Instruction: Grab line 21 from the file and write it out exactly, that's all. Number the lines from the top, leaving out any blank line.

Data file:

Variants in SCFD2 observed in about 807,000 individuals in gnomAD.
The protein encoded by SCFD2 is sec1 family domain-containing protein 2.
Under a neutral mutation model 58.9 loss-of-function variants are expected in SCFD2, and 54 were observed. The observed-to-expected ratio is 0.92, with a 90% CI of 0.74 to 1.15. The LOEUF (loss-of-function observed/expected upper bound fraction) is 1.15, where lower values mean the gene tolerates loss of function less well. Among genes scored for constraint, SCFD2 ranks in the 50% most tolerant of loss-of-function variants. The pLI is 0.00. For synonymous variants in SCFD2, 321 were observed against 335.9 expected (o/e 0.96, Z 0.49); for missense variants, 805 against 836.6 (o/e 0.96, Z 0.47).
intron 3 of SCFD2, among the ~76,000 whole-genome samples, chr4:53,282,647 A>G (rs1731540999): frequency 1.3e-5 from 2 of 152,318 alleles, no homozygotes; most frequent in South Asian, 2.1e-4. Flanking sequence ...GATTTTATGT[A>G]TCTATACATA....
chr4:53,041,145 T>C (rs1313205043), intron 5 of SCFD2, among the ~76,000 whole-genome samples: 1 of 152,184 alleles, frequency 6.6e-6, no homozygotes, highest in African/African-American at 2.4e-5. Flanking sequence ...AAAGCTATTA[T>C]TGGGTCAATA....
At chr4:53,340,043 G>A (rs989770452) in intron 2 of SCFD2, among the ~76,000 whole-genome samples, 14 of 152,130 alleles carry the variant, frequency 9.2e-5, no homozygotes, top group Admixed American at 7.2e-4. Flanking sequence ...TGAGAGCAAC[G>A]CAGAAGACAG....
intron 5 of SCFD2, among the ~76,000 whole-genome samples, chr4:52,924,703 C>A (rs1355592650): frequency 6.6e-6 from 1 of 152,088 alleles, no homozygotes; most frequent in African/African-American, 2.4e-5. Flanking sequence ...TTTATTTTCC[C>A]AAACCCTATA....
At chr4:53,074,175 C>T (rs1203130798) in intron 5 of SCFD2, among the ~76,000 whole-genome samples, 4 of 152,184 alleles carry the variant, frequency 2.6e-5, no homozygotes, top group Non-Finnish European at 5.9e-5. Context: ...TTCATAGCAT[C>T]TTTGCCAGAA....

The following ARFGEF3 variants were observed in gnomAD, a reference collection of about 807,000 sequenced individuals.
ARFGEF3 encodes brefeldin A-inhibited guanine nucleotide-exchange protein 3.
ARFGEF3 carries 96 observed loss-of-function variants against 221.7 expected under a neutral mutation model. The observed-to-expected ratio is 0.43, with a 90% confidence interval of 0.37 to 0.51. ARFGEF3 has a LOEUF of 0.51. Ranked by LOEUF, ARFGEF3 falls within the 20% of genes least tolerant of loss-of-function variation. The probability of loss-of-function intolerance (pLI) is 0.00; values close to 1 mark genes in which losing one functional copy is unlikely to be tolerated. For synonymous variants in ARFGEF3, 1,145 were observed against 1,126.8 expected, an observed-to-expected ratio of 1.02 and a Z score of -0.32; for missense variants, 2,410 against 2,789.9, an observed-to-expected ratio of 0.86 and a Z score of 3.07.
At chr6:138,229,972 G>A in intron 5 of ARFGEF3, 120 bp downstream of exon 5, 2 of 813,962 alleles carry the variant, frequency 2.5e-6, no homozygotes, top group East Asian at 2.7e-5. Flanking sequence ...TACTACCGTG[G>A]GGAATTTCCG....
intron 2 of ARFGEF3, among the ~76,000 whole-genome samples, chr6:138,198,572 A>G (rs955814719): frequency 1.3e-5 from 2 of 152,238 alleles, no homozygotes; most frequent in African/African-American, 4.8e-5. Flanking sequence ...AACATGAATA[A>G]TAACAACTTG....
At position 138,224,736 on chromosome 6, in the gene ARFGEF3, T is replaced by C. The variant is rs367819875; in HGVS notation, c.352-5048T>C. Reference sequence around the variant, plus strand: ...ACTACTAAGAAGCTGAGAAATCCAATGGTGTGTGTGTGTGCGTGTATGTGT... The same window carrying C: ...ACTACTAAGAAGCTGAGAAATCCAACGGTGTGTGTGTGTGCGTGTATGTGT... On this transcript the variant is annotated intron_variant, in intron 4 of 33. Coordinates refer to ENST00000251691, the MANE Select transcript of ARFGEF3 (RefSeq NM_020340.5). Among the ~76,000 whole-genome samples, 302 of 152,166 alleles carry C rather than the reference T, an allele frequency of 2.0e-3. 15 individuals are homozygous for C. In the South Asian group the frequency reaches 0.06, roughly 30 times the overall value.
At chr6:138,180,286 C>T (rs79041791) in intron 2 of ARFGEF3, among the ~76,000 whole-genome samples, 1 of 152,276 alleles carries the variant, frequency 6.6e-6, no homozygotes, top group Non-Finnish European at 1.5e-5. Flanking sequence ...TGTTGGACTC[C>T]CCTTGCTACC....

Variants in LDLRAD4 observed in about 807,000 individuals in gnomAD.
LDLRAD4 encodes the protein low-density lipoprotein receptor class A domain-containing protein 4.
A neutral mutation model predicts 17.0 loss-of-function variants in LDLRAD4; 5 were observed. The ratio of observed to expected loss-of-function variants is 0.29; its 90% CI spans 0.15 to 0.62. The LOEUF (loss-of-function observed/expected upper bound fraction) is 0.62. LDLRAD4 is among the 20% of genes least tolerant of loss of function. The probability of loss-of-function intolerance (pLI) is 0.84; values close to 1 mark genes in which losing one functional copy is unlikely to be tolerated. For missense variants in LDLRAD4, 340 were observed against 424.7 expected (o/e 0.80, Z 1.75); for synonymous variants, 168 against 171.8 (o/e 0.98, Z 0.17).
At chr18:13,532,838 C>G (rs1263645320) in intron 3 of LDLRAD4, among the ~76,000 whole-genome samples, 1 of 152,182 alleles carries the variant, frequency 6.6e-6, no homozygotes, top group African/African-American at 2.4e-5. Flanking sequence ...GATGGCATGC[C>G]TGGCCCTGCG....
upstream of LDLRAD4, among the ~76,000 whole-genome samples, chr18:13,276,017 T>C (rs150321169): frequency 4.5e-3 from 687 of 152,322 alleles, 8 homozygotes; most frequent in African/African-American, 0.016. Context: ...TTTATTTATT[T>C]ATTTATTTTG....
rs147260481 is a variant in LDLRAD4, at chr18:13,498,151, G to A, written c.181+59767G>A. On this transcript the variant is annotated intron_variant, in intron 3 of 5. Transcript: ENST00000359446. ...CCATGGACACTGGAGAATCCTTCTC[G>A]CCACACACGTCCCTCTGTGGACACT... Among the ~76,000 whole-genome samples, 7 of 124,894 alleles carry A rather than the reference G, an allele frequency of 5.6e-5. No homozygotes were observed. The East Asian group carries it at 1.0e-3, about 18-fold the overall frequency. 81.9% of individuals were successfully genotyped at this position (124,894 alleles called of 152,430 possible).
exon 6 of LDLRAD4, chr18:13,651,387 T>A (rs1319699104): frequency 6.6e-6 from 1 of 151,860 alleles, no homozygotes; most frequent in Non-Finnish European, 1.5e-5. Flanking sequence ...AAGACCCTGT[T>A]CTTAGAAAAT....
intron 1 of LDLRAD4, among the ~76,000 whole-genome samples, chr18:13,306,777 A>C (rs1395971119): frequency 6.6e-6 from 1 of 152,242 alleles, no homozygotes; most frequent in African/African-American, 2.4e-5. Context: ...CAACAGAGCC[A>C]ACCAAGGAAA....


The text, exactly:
rs147260481 is a variant in LDLRAD4, at chr18:13,498,151, G to A, written c.181+59767G>A. On this transcript the variant is annotated intron_variant, in intron 3 of 5. Transcript: ENST00000359446. ...CCATGGACACTGGAGAATCCTTCTC[G>A]CCACACACGTCCCTCTGTGGACACT... Among the ~76,000 whole-genome samples, 7 of 124,894 alleles carry A rather than the reference G, an allele frequency of 5.6e-5. No homozygotes were observed. The East Asian group carries it at 1.0e-3, about 18-fold the overall frequency. 81.9% of individuals were successfully genotyped at this position (124,894 alleles called of 152,430 possible).